the tiller steering. The name Victoria Combination
described the lightweight, two-seater trailer commonly known as a
Victoria, combined with the rear axle and drive mechanism from a motor
tricycle that was placed in front to achieve front-wheel
drive. It was also known as the Eureka and Société
Parisienne patented the design of articulated front-drive unit and
The specification of the Victoria developed over time, but the simple
design belied the high quality of workmanship. The coachwork was built
by a leading Parisian coach-builder Alfred Belvallette, the front axle
units were built by Darracq. In June 1899 it was offered with a
2.5 hp De Dion Bouton engine fitted with 'Longuemare automatic
carburettor, and a four-speed gearbox made by Guyenet et Balvay to the
patent design of J Didier.
When production ceased in mid-1901, over 400 copies had been sold for
3,000 Francs (circa $600) each.
Parisienne - 1899
Parisienne - 1898
Examples of the 'Victoria Combination' are currently displayed at the
'Musée Automobile de Vendée'fr:Musée automobile de Vendée in
Talmont-Saint-Hilaire, France, and the Swedish National Museum of
Science and Technology in Stockholm.
Wikimedia Commons has media related to Parisienne.
Wikimedia Commons has media related to Société Parisienne.
^ a b c Tonton Velo, pour les velos anciens. L'Industrie
vélocipédique January 1891.
Société Parisienne de Construction
^ a b c Gallica, Bibliotheque National de France, L'Industrie
Vélocipédique, January 1891,
Société Parisienne de Construction
^ Motorbase. Profile of 'La Societe Parisienne'
^ a b c d e Georgano, G.N (Nick) (1973). The Complete Encyclopedia of
Motorcars, 1885 to the present day. London: Ebury Press.
^ Philippe Boursin. Les 1 492 marques françaises de l'histoire de
^ Italia - 1894 Parigi-Rouen.
^ a b TeamDan Early results database - 1896, Paris-Marseilles-Paris
^ Wiki Italy Motoring in 1896
^ Driver Database, II Grand Prix de l'ACF 1896
^ TeamDan Early results database - 1897, Paris-Dieppe Trail
^ TeamDan Early results database - 1898, Marseille–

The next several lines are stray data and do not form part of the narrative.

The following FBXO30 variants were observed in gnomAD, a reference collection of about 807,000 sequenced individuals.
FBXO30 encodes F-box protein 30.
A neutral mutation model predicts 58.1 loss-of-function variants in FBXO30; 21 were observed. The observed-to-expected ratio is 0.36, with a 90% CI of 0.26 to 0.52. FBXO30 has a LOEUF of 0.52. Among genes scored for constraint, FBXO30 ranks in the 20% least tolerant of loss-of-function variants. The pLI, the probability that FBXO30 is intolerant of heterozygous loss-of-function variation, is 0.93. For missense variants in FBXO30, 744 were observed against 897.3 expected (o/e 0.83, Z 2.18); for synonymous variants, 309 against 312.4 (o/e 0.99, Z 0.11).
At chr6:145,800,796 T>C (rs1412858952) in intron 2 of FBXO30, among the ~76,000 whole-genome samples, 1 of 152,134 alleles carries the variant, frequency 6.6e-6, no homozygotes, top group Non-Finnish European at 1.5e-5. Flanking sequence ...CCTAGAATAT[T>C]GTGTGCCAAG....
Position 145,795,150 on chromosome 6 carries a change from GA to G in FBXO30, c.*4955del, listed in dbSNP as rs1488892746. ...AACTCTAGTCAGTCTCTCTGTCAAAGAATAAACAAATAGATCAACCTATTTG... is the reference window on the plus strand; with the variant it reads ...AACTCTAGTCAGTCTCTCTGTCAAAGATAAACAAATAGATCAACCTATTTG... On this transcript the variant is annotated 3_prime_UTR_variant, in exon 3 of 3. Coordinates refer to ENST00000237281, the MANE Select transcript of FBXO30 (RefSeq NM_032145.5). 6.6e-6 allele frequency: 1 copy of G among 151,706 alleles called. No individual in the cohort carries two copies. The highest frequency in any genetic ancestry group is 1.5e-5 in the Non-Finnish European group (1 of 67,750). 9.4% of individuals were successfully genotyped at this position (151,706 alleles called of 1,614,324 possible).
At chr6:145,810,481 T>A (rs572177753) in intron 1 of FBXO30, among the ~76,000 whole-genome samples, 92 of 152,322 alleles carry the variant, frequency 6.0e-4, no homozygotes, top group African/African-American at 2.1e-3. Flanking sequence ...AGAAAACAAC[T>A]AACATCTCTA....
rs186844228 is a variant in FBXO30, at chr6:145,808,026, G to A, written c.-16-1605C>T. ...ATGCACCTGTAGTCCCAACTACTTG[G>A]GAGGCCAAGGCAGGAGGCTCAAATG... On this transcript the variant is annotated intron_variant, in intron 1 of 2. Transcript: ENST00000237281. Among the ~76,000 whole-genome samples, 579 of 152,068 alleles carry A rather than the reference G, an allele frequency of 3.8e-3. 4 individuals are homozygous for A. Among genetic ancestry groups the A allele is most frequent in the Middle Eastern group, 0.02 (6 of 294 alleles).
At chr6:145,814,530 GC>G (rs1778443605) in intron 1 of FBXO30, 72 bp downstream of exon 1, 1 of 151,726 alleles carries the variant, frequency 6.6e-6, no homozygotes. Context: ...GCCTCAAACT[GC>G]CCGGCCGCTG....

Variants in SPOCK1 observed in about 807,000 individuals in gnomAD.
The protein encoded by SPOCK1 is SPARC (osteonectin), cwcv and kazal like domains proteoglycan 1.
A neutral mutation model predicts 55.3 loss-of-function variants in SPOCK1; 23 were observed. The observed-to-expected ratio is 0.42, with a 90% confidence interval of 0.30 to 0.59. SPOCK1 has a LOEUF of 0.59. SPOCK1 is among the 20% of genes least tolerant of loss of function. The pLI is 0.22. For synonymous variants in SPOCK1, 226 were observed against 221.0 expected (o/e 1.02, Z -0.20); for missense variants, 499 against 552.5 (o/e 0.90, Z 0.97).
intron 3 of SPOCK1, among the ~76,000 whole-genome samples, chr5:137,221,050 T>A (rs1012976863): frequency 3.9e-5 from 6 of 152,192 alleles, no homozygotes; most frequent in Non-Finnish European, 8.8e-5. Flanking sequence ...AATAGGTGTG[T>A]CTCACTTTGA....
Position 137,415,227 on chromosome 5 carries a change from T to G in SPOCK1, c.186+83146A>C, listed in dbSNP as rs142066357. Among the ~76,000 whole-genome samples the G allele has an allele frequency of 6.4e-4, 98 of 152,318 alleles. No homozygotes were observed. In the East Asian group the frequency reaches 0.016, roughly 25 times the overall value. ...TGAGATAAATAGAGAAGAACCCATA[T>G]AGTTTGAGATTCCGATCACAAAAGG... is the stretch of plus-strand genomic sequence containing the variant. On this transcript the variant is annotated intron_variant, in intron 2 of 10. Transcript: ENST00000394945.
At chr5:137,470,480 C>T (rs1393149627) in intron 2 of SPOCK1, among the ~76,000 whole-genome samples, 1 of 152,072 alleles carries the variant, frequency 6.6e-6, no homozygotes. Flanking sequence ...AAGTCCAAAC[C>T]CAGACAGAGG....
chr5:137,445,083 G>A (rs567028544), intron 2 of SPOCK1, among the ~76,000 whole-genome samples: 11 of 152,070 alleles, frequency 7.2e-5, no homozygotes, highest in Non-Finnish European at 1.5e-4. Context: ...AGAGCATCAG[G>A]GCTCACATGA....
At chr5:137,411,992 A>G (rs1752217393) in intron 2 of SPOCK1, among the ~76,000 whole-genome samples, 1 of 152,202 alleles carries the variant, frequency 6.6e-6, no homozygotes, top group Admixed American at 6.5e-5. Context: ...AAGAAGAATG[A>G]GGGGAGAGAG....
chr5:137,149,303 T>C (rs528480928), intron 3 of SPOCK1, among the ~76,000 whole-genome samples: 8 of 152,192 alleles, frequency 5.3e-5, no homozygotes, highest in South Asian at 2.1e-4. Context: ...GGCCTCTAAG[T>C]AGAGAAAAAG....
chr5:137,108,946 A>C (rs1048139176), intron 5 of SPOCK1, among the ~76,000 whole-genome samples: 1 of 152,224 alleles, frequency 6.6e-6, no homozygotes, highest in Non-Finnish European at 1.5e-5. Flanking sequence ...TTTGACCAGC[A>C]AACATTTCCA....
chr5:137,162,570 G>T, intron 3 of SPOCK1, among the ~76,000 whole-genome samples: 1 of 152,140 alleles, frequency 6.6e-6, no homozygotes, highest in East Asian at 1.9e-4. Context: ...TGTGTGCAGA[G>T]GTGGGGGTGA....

^ Unique Cars and Parts.
Voiturette Racing - Before The Formula One
^ a b c d e f Bonhams Auctioneers, Profile description of Parisienne
at Wikimedia Commons
^ a b c d e f Bonhams Auctioneers - Profile of La Société Parisienne
- Victoria Combination
^ a b c Grace's Guide to Industrial History. Profile of La Societe
Harald H. Linz, Halwart Schrader: Die große Automobil-Enzyklopädie.
BLV, München 1986, ISBN 3-405-12974-5
David Burgess Wise, The New Illustrated Encyclopedia of Automobiles
External links and sources
Transcribed from Tonton Velo, pour les Velos Anciens.
Société Parisienne - Vélocipéde manufacturer
Gallica - Bibliotheque National de France.
L'Industrie vélocipédique, (The Cycle Industry), January 1891,
Société Parisienne de Construction Vélocipédique
The oldest velocipede manufacturer in France was founded in 1876 by
Mr. Reynard, who was awarded the 'Diploma of honour' at the 1878
'Exposition Universelle'. The factory, which has gained considerable
importance and whose products are highly appreciated by connoisseurs,
is located at 10, avenue de la Grande Armée, near the Arc de
Triomphe. The Director Mr. Couturier, the director, invited us to
visit the large workshops where we never imagined they could cram so
many machines. It was no surprise to learn that the workshops had been
designed by a specialist engineer who wanted a model factory, that is
to say integrated manufacturing of bicycles.
It's really wonderful to follow the work of these multiple machine
tools, they seem intelligent, pre-programmed, and finish parts with a
mathematical precision, ready for use.
Thus we realised that the bicycles of
Société Parisienne are
veritable precision machines.
Le plus ancienne manufacture de France pour le velocipède fut fondée
en 1876 par M. Reynard qui obtint le diplome de honneur a l'Exposition
Universelle de 1878: cette usine, qui a pris une importance
considérable et dont la fabrication est tres appréciée des
connaiseurs, est située: 10, avenue de la Grande Armée, pres l'arc
de Triomphe de l'Etoile. Il nous a été donné, grâce à son
sympathetique directeur M. Couturier, de visiter ses vastes ateliers,
où nous n'imaginions pas qu'on pùt entasser un outillage aussi
complet. Du reste nous n'avons plus été surpris quand nous avons su
que ces ateliers avaient été agencés par ingenieur spécialiste
d'une haute capacité, qui a voulu faire une usine modelle,
c'est-a-dire crée toute d'une pièce pour la fabrication si
intéressante à suivre, des vélocipèdes.
C'est vraiment merveilleux de suivre le travail de ces multiples
machines-outils qui semblent donées d'intelligence, et de voir sortir
d'un morceau informe une pièce finie, avec une précision
mathémathique et prête à être mise en place.
Aussi nous avons pu nous rendrecompte que les vélocipèdes de la
Societe Parisienne sont de veritables pièces d